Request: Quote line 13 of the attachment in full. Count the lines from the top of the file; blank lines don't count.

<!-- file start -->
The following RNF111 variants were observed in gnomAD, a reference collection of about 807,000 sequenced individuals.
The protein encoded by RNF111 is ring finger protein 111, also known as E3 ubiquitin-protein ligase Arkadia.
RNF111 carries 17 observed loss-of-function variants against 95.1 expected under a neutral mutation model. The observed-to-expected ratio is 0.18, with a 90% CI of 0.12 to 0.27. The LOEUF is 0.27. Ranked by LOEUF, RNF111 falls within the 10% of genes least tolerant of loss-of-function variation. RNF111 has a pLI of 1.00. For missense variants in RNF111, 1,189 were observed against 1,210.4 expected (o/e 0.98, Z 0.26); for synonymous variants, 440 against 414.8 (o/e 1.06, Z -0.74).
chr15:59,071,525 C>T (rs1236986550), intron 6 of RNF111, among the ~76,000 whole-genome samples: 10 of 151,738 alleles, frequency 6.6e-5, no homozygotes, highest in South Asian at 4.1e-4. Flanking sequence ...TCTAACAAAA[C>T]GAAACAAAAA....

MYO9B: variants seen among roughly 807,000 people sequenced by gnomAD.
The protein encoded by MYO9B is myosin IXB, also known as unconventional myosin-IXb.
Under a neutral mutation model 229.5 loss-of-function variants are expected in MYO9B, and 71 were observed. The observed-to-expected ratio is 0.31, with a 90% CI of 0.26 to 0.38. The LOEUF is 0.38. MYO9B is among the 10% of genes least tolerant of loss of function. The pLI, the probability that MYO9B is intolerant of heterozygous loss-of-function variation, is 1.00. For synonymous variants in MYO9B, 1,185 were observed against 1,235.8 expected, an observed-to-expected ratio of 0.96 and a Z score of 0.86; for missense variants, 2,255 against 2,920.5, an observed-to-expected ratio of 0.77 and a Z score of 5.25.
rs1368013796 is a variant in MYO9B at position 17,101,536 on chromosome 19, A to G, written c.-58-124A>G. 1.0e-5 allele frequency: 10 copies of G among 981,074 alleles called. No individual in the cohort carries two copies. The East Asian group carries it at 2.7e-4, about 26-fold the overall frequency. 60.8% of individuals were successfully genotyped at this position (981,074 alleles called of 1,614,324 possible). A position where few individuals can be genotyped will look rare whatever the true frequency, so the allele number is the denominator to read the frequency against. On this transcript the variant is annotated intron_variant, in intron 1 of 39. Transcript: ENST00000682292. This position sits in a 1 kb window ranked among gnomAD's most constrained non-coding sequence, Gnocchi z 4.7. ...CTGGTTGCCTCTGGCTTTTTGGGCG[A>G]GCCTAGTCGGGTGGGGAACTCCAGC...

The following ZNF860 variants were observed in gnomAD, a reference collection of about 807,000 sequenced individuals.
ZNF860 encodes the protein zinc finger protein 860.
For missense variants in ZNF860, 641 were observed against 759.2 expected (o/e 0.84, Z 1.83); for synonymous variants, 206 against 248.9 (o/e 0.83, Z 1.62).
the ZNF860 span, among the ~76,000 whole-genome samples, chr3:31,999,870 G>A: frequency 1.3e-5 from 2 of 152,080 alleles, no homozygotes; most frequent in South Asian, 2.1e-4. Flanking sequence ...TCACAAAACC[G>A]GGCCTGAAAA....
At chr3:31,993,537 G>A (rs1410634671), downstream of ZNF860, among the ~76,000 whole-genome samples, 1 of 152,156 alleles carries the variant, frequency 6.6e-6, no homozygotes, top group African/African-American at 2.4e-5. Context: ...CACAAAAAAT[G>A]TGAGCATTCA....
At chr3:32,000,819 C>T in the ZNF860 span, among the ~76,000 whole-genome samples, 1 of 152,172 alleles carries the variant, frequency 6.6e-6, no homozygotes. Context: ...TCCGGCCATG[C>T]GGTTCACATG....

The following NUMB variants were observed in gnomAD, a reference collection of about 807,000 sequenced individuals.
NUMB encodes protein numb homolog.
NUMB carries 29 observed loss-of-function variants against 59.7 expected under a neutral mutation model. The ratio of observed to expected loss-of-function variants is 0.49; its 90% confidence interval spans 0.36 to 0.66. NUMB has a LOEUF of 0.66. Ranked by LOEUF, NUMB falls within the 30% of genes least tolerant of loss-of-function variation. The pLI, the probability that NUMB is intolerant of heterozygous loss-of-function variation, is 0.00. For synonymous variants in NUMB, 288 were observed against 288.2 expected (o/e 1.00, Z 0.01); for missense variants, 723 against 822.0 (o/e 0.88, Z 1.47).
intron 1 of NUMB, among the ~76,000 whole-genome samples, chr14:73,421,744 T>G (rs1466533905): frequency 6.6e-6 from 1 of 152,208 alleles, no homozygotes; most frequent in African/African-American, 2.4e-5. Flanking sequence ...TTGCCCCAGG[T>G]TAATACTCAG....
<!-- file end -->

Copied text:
At chr3:31,993,537 G>A (rs1410634671), downstream of ZNF860, among the ~76,000 whole-genome samples, 1 of 152,156 alleles carries the variant, frequency 6.6e-6, no homozygotes, top group African/African-American at 2.4e-5. Context: ...CACAAAAAAT[G>A]TGAGCATTCA....